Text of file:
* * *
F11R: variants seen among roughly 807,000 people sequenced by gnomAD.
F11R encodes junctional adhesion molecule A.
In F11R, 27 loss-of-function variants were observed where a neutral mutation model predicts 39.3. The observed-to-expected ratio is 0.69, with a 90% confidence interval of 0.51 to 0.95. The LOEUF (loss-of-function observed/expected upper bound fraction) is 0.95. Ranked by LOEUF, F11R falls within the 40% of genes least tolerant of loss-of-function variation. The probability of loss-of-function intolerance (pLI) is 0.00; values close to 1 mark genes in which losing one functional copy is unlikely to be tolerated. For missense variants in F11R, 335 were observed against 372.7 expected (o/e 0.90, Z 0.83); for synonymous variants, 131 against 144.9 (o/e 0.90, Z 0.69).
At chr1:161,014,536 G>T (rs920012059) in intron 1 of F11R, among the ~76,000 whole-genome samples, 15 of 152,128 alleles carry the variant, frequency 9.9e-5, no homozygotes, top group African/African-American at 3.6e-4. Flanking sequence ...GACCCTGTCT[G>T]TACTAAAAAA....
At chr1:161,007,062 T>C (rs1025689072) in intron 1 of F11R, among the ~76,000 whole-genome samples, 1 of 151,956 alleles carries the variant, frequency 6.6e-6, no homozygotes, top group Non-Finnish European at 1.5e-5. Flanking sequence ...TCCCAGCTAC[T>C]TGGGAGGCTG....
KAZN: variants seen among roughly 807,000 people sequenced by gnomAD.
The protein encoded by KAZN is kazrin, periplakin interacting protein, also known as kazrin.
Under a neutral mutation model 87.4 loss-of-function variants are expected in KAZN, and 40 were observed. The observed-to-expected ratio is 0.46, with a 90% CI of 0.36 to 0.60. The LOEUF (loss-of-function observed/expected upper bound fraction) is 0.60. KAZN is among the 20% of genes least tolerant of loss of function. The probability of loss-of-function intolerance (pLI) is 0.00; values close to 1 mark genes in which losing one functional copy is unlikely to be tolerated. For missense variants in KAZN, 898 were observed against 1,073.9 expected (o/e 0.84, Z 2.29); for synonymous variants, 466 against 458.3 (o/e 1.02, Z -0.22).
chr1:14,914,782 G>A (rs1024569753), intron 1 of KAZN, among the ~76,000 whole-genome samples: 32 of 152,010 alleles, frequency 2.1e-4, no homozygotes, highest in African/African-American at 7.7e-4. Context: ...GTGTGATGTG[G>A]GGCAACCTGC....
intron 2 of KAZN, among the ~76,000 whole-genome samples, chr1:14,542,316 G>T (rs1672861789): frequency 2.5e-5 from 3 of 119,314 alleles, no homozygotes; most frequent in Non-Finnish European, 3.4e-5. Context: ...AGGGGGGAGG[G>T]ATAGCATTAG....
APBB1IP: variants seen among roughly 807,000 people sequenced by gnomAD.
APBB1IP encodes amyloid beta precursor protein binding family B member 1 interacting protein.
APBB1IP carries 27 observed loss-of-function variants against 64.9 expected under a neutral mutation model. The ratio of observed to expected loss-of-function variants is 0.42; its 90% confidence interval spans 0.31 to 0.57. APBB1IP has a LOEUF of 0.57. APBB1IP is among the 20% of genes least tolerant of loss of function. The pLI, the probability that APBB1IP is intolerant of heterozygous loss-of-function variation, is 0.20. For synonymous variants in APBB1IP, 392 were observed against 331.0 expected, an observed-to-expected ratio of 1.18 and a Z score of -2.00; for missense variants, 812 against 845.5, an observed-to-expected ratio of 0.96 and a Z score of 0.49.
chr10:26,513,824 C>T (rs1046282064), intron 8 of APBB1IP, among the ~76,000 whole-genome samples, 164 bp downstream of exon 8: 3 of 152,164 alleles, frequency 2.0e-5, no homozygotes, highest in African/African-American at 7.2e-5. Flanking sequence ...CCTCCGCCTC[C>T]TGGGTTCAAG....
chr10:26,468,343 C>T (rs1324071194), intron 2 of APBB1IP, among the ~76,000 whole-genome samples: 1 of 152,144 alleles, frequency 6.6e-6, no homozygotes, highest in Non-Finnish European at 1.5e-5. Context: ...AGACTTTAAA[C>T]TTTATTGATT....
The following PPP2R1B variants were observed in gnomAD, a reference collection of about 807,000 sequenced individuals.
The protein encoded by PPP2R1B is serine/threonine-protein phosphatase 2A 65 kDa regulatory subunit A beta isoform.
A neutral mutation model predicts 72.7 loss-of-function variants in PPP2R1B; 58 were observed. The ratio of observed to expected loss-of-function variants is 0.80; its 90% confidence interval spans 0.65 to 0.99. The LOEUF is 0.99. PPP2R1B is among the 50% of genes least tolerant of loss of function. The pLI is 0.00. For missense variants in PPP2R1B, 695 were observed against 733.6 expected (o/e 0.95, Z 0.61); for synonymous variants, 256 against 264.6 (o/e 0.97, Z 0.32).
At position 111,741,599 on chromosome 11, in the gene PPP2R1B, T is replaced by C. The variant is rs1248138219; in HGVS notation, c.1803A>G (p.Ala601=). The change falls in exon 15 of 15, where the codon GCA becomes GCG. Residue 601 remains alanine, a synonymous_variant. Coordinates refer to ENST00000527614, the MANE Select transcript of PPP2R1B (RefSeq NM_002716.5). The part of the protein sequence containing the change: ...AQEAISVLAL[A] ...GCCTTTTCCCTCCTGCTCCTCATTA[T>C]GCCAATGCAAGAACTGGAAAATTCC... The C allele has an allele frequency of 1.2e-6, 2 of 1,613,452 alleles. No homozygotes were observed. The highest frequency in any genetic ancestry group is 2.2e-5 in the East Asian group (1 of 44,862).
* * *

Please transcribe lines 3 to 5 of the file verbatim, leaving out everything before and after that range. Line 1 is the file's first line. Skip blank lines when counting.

In F11R, 27 loss-of-function variants were observed where a neutral mutation model predicts 39.3. The observed-to-expected ratio is 0.69, with a 90% confidence interval of 0.51 to 0.95. The LOEUF (loss-of-function observed/expected upper bound fraction) is 0.95. Ranked by LOEUF, F11R falls within the 40% of genes least tolerant of loss-of-function variation. The probability of loss-of-function intolerance (pLI) is 0.00; values close to 1 mark genes in which losing one functional copy is unlikely to be tolerated. For missense variants in F11R, 335 were observed against 372.7 expected (o/e 0.90, Z 0.83); for synonymous variants, 131 against 144.9 (o/e 0.90, Z 0.69).
At chr1:161,014,536 G>T (rs920012059) in intron 1 of F11R, among the ~76,000 whole-genome samples, 15 of 152,128 alleles carry the variant, frequency 9.9e-5, no homozygotes, top group African/African-American at 3.6e-4. Flanking sequence ...GACCCTGTCT[G>T]TACTAAAAAA....
At chr1:161,007,062 T>C (rs1025689072) in intron 1 of F11R, among the ~76,000 whole-genome samples, 1 of 151,956 alleles carries the variant, frequency 6.6e-6, no homozygotes, top group Non-Finnish European at 1.5e-5. Flanking sequence ...TCCCAGCTAC[T>C]TGGGAGGCTG....